• I keep meaning to get up that way, seeing as I live in the vicinity (Minnesota). I hear it’s lovely, and the old mining towns have lots of fascinating history. Someday, someday, like so many things I want to get around to doing!

  2. Calumny has fallen out of common usage for some time. That is why you didn’t recognize the transitive verb form calumniate. I made the vague association from the definition you provided, but I needed to research it to verify. I wouldn’t have known what to make of it except in it’s used context without the definition. If someone had spoken the word camelopard to me, absent sufficient contextual clues, I would guess it to be a melon. Reading the word it appears a portmanteau of camel and leopard. I’m surprised you didn’t know the word caltrop. In my formative years all my friends were boys who played tabletop war games, D&D, and who enjoyed military history. So I suppose that is how I come by that bit of vocabulary, among others. And if your experience was different I shouldn’t be surprised you didn’t know it. I have no doubt you are better read and more educated than I. The genius of the caltrop is that it always lands with a point up. But you saw that, I’m sure. The ancients were easily as smart as we. I doubt anyone could build the Roman aqueducts without computers and machines today. And yet they were made, thousands of years before computers and machines existed.

    • “Portmanteau”! That was the word I was looking for yesterday.

      Yes, I am familiar with “calumny” — but not enough to know it sans context.

      The truth is that my brain is not functioning that well. For the last couple of months I feel like I’m in a fog. I think it is stress related, as I mentioned yesterday. Or maybe: I hope it is. I don’t know if I can manage to live like this.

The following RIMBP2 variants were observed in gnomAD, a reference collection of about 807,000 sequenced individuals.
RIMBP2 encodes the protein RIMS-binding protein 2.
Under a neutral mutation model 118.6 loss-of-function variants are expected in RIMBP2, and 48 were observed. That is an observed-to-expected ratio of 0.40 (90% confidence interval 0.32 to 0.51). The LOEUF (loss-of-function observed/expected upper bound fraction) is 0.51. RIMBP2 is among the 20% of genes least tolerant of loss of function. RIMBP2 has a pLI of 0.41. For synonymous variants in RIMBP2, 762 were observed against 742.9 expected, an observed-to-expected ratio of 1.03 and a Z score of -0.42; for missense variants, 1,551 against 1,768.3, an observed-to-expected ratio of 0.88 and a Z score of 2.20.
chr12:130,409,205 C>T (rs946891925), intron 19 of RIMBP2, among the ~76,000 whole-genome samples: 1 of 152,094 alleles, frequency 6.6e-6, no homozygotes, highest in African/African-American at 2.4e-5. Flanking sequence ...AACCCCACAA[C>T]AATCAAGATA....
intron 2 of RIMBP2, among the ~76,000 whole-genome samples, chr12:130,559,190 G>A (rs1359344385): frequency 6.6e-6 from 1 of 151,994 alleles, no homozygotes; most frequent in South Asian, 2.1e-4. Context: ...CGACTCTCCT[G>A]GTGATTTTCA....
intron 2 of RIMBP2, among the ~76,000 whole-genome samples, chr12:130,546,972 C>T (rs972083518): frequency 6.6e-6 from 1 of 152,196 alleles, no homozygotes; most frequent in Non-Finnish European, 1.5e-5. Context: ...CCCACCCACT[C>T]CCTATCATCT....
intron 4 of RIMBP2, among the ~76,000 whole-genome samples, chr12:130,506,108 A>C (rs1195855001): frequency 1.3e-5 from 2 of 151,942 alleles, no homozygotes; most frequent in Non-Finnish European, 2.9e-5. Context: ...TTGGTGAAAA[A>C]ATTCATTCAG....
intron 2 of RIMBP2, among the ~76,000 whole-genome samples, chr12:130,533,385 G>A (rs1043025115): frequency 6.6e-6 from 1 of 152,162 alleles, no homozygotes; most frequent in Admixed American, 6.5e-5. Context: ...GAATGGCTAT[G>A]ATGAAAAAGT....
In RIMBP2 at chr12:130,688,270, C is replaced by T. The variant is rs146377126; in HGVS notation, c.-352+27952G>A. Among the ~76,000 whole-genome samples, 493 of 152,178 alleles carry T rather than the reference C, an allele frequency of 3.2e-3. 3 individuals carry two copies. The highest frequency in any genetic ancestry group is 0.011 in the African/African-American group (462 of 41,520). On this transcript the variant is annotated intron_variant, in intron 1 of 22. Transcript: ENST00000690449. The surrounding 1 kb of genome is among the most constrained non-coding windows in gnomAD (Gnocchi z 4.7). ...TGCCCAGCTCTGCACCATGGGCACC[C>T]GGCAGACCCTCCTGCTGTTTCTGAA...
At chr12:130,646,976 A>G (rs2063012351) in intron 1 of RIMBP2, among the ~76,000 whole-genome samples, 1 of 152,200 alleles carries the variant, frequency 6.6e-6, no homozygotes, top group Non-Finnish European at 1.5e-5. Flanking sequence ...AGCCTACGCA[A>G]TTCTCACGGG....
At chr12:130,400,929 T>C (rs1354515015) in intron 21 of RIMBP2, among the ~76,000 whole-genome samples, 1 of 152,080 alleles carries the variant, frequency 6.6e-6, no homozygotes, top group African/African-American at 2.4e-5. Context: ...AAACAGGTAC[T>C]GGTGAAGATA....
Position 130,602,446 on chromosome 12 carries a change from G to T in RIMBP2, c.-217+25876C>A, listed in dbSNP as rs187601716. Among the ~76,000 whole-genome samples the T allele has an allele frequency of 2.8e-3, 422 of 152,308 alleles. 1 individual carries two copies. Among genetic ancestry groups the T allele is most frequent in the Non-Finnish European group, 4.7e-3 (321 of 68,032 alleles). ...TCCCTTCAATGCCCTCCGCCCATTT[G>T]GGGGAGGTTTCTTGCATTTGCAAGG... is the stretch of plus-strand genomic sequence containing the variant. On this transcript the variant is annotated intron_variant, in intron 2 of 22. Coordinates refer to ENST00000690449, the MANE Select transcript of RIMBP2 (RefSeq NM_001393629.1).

• Last week I talked to the lady who runs the Twins fan site I write for sometimes. (I’d never talked to her. I don’t talk to strangers much!) Her amount of stress was off the charts. Her bosses want a minimum of five posts a day, and she’s got a (volunteer) staff that usually produces three. So she gets to do the other two. And she’s supposed to keep a regular site promotion feed on Twitter going. Oh, and they want her to do a podcast. (I did mention I have a headset I’m not using.)

            You know what Vox pays her? $400 a month! No wonder she’s stressed! And she makes sure all the volunteer writers are up on the latest standards/practices. For $400 a month, I’d tell writers “you do whatever you want, the bosses can fire me.” But it’s better than the horrible office experience she had.

            Point being? Stress-fueled depression is going around these days. And this magnificent “gig economy” isn’t helping. I can’t count the number of people I’ve known who want to work hard, and want to leave their job at the door when they go home. Nope. Commit to the career, all the time, because if you don’t, someone even more desperate will take your place.

            This is madness. It creates a world where everyone is so frazzled there’s no way for people to talk with each other. Except the very successful and very ridiculously lazy (farting around on new “genius” ideas is the definition of lazy, that’s something drunks like myself do). And they live in secluded enclaves, and only talk to their own. Is this a society any sane person wants to construct?

            • It is crazy. It’s not so bad when you are young, but as you get older, it is hard to keep up. And despite what anyone says, people are in the gig economy because they have no choice. Everyone would prefer a regular job. I’ve written about the gig economy a fair amount before, so I’ll leave it for now. But I worry about the future of this nation.